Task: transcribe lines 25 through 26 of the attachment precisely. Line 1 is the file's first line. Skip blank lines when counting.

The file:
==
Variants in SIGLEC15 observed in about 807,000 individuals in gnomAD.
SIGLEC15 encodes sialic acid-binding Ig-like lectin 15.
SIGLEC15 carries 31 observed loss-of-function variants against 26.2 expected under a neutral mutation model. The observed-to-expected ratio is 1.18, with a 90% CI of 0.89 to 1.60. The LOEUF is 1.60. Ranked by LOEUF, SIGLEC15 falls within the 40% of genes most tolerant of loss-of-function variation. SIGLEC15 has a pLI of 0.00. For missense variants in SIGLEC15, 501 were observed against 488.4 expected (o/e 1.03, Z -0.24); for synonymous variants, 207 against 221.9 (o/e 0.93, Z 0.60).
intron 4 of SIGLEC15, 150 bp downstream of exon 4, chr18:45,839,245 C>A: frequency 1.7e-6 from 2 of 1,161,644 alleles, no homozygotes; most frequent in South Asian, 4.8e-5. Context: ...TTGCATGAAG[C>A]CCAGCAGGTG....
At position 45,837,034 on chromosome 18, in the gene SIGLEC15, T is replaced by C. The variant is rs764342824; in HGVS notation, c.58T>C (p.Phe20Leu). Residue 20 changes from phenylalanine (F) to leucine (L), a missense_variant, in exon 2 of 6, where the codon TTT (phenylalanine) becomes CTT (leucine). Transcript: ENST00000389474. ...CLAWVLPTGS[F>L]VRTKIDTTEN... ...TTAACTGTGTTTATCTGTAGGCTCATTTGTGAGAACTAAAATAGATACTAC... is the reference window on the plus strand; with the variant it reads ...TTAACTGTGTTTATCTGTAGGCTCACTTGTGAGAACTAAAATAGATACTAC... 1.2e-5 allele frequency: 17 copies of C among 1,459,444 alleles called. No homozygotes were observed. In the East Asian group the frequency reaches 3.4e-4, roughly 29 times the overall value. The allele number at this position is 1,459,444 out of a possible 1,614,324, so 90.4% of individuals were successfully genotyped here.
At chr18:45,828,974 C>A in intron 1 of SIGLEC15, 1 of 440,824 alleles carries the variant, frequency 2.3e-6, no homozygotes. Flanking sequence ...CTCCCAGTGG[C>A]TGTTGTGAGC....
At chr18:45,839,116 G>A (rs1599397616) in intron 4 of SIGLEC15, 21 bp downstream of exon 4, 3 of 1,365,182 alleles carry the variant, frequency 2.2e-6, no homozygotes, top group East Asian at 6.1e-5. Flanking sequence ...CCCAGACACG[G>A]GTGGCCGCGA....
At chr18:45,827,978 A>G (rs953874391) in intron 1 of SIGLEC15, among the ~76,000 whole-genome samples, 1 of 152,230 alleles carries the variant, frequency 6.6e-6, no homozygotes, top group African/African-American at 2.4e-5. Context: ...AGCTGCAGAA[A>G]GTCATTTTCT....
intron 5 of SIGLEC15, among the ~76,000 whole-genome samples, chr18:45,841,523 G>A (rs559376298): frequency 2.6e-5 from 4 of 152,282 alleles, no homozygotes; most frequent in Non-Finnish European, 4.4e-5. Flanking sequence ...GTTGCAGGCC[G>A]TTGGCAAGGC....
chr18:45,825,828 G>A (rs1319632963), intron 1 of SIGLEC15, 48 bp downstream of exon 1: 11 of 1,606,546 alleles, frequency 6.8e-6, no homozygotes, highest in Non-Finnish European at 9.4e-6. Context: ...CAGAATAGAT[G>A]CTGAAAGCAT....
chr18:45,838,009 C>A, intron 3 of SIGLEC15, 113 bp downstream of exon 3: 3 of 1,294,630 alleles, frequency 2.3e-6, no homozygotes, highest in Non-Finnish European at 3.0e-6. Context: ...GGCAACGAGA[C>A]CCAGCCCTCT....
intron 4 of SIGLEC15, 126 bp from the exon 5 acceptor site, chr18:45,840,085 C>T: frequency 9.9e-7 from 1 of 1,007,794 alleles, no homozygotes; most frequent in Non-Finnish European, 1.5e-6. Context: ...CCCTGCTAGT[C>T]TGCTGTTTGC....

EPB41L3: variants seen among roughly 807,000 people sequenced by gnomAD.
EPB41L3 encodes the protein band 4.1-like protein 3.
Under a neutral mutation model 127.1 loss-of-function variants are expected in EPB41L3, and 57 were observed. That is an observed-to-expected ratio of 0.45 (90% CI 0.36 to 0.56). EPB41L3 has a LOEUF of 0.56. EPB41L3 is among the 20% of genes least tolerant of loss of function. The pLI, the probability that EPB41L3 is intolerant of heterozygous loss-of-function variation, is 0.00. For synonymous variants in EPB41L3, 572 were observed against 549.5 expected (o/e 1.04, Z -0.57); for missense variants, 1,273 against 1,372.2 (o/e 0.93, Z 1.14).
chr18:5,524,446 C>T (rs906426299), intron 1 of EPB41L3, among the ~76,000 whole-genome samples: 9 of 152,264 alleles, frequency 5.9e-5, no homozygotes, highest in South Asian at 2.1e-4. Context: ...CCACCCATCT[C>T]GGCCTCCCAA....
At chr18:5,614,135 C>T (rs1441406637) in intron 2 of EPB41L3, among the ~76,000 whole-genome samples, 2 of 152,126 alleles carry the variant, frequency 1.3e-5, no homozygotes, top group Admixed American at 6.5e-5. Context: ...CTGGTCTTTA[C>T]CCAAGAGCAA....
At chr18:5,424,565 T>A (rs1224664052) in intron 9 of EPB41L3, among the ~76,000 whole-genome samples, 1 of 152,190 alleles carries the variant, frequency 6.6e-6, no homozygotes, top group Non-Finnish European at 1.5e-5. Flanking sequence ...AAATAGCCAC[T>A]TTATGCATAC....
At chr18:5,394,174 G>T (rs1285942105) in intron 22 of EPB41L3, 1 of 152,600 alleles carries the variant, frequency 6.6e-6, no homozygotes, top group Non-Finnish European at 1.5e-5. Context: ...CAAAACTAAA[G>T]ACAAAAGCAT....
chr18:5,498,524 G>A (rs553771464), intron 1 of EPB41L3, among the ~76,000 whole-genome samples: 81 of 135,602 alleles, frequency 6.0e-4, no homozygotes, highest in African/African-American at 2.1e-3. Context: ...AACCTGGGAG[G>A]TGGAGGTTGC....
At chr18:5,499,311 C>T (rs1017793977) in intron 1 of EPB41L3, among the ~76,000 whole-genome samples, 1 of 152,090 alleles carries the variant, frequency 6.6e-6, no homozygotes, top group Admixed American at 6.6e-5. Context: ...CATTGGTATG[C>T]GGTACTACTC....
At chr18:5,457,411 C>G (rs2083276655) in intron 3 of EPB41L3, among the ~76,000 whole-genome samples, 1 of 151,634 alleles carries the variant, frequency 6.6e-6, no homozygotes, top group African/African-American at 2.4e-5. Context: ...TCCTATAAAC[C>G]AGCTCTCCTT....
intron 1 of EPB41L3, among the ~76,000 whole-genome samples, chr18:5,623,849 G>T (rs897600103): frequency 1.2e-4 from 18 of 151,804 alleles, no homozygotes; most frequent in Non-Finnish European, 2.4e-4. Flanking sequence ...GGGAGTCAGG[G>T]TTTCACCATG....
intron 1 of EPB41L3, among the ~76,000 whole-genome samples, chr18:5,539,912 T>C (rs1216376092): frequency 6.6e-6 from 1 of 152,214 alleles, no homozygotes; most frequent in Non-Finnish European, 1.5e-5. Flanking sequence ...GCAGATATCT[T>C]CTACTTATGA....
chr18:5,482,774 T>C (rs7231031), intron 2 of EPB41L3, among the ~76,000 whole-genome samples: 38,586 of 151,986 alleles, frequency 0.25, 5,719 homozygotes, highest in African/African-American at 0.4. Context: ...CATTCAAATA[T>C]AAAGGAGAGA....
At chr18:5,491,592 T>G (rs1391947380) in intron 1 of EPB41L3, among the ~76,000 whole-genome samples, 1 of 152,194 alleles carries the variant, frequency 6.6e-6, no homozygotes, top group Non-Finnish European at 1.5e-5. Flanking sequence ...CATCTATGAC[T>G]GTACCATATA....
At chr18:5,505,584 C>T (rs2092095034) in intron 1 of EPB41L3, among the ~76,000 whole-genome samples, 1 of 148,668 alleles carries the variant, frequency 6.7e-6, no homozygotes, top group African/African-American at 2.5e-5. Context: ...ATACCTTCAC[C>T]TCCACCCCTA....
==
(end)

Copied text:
chr18:5,482,774 T>C (rs7231031), intron 2 of EPB41L3, among the ~76,000 whole-genome samples: 38,586 of 151,986 alleles, frequency 0.25, 5,719 homozygotes, highest in African/African-American at 0.4. Context: ...CATTCAAATA[T>C]AAAGGAGAGA....
At chr18:5,491,592 T>G (rs1391947380) in intron 1 of EPB41L3, among the ~76,000 whole-genome samples, 1 of 152,194 alleles carries the variant, frequency 6.6e-6, no homozygotes, top group Non-Finnish European at 1.5e-5. Flanking sequence ...CATCTATGAC[T>G]GTACCATATA....